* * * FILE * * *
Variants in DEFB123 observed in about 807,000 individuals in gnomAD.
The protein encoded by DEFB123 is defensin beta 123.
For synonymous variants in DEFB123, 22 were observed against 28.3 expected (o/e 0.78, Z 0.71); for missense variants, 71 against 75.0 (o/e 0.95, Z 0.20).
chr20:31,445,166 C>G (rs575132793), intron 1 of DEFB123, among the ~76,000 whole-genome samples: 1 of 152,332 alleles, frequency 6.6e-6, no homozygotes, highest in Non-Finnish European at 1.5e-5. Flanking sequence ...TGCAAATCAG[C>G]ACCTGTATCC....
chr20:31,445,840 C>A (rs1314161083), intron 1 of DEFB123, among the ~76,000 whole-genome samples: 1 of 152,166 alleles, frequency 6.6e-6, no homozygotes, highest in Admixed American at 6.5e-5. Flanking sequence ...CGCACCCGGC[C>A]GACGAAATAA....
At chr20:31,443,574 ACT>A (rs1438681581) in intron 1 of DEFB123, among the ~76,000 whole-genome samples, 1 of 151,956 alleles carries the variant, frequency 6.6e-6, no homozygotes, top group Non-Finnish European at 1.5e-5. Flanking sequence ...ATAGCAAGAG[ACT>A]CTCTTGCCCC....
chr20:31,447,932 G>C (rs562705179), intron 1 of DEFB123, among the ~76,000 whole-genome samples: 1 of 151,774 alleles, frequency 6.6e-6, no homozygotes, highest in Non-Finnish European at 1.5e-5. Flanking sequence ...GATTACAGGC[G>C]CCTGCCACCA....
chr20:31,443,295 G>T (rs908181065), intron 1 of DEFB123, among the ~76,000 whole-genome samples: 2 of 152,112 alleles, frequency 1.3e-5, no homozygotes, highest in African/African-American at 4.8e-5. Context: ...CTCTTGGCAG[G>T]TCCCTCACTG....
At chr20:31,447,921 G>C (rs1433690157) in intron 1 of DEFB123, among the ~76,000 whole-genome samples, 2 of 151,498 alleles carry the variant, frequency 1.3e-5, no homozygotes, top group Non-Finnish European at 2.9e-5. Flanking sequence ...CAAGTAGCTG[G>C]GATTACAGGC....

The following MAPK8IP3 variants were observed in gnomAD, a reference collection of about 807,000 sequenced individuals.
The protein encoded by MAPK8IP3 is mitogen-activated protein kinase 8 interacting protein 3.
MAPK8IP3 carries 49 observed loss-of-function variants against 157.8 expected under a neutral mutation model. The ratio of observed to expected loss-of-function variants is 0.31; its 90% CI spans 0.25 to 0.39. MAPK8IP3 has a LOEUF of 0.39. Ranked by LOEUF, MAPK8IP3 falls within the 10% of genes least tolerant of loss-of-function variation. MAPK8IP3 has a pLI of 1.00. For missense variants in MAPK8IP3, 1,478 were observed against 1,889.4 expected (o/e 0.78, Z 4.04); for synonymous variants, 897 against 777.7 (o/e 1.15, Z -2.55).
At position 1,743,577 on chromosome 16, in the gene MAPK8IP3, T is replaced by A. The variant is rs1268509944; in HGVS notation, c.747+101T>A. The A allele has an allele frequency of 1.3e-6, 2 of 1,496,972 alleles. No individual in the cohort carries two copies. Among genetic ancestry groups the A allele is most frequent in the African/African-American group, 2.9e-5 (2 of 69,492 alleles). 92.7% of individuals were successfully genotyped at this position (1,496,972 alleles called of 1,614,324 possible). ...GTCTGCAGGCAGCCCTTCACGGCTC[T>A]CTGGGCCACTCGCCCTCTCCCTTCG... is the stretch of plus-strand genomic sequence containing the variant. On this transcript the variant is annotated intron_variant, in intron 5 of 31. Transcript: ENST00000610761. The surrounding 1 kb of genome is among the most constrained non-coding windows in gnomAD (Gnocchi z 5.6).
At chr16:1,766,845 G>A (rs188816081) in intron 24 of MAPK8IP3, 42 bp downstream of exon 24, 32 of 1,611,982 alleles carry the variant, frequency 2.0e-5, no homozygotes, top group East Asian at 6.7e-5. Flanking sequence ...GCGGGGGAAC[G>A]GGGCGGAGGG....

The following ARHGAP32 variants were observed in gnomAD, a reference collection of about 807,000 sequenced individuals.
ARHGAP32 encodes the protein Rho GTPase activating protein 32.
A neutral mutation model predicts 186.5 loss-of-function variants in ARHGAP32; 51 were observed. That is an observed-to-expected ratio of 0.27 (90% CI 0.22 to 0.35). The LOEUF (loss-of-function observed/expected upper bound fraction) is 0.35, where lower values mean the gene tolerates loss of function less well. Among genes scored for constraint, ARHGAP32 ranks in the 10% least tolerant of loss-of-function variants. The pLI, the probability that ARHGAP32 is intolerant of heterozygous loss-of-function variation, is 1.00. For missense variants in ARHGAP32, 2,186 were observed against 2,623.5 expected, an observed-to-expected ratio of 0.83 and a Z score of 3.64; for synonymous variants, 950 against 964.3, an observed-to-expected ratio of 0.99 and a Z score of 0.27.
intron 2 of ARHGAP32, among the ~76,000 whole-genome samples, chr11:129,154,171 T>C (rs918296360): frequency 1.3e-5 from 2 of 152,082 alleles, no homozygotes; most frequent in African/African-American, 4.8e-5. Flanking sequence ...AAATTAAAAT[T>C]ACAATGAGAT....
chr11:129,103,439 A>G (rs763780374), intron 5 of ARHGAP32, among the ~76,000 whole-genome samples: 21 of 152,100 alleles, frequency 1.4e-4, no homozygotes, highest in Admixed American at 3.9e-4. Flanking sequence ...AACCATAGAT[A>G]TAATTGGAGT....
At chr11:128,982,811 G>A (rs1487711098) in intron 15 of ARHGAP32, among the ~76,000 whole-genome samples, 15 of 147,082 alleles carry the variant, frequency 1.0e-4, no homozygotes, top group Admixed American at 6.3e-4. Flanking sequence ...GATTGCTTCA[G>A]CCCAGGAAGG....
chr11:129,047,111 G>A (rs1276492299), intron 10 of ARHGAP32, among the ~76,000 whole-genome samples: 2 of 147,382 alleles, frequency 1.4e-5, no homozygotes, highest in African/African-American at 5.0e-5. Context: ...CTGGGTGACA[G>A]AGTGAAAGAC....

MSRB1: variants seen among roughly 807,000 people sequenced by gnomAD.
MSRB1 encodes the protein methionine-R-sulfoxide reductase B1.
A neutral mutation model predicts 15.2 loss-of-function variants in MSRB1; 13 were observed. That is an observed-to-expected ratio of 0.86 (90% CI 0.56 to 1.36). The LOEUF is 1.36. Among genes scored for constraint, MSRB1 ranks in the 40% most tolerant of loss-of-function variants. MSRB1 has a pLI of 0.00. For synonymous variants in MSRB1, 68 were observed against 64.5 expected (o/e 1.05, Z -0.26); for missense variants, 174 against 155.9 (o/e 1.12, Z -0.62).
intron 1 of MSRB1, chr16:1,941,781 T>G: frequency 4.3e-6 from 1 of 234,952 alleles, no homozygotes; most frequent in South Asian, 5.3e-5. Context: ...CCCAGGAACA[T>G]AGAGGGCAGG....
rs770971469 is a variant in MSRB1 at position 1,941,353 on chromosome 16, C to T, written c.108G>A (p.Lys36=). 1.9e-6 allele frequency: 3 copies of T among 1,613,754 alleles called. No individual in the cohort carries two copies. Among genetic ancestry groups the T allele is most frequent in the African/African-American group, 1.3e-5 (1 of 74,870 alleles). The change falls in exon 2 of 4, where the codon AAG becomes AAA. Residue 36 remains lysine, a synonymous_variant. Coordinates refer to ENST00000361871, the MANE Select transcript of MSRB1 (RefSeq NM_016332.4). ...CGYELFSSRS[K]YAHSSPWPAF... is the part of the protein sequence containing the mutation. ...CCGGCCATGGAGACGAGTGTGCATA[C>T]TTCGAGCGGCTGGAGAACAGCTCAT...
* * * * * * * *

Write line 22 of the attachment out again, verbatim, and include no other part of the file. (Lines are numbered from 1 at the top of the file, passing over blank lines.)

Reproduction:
MSRB1: variants seen among roughly 807,000 people sequenced by gnomAD.